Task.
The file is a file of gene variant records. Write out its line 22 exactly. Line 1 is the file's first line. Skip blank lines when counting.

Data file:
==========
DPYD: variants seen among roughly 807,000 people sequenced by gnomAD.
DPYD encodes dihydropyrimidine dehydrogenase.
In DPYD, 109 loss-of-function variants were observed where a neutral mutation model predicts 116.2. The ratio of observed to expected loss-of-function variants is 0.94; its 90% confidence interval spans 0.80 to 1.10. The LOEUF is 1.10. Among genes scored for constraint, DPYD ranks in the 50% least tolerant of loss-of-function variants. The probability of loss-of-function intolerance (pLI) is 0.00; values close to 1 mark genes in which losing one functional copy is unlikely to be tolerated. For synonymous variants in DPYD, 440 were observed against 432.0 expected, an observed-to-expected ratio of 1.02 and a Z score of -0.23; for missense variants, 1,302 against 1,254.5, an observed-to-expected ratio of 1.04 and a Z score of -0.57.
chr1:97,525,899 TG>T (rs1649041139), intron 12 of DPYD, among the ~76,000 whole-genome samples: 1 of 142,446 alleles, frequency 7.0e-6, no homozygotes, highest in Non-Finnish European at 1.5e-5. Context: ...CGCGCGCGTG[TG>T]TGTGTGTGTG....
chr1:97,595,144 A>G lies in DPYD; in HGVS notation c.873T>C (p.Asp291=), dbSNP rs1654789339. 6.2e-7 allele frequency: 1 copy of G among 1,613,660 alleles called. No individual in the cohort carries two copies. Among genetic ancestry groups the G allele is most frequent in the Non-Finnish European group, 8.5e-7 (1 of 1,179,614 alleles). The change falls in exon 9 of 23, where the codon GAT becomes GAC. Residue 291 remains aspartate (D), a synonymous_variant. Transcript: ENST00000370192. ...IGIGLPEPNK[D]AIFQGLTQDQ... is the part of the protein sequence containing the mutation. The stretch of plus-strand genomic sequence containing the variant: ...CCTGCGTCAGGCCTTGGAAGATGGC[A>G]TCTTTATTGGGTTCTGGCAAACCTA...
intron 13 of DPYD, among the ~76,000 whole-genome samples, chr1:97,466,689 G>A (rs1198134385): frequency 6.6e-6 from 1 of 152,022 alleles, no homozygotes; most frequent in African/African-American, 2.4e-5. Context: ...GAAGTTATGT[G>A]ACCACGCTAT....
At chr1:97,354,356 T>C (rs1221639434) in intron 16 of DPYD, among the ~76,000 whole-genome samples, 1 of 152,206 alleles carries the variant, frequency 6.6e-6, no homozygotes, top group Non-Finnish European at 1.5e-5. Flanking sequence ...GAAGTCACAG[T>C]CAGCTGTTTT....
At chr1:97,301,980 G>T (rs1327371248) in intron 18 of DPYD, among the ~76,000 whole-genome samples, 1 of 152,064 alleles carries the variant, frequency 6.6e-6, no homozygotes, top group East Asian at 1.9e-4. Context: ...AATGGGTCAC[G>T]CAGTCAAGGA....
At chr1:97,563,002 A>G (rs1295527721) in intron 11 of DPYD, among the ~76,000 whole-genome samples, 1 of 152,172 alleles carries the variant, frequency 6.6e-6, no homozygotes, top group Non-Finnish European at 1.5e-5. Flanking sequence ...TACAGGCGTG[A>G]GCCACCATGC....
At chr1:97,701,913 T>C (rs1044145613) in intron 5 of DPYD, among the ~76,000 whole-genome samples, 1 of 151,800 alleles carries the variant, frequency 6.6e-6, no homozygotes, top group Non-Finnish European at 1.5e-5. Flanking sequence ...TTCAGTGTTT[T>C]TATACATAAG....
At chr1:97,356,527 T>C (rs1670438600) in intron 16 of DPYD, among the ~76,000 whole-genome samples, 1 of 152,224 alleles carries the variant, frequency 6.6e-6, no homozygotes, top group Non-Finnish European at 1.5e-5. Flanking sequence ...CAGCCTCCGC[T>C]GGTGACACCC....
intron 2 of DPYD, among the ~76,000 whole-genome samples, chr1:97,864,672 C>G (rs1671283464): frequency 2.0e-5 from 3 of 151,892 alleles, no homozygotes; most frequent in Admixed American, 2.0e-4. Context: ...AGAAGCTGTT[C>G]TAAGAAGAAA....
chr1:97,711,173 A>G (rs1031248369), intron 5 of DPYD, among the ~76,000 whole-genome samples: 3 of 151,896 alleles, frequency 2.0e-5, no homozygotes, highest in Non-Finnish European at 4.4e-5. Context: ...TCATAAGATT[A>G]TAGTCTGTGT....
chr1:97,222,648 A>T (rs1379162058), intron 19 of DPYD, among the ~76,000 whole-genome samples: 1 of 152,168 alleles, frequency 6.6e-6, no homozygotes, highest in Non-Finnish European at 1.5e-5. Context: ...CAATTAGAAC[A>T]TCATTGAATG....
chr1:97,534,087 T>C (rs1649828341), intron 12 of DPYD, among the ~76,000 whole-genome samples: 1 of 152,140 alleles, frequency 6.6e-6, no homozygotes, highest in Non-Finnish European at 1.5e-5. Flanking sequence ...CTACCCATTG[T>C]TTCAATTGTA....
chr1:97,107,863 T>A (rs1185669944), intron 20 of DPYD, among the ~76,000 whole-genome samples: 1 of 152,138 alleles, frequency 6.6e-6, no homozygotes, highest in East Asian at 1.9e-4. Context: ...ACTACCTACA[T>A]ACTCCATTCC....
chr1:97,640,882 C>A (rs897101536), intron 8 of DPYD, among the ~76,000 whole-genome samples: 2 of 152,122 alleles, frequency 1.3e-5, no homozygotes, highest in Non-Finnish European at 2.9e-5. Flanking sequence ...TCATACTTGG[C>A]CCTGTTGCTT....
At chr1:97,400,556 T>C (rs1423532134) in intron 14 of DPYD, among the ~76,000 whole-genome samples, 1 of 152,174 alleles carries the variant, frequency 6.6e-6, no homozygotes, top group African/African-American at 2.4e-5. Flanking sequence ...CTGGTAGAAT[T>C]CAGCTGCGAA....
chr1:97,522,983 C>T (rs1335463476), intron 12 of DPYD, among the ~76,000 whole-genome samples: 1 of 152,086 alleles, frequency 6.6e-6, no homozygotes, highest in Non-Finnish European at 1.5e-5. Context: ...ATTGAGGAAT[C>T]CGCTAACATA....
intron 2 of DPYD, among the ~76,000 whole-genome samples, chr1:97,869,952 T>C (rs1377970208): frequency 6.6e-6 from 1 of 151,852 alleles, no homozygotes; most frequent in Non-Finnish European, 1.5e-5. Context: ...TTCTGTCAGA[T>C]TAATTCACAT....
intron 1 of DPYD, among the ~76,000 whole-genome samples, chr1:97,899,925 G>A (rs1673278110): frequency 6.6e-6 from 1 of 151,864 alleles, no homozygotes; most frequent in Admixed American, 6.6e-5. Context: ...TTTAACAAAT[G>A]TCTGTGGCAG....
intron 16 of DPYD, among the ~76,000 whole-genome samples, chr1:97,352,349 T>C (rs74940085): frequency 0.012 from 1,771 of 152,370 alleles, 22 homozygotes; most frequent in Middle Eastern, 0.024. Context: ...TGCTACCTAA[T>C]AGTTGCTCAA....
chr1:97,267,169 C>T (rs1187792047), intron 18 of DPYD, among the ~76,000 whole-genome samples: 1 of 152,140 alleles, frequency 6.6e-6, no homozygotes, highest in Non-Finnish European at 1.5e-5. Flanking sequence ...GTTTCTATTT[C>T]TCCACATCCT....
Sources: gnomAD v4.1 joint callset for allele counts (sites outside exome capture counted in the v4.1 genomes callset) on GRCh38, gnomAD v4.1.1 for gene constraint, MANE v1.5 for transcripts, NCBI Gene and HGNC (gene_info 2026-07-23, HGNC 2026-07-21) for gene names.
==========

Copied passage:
intron 16 of DPYD, among the ~76,000 whole-genome samples, chr1:97,352,349 T>C (rs74940085): frequency 0.012 from 1,771 of 152,370 alleles, 22 homozygotes; most frequent in Middle Eastern, 0.024. Context: ...TGCTACCTAA[T>C]AGTTGCTCAA....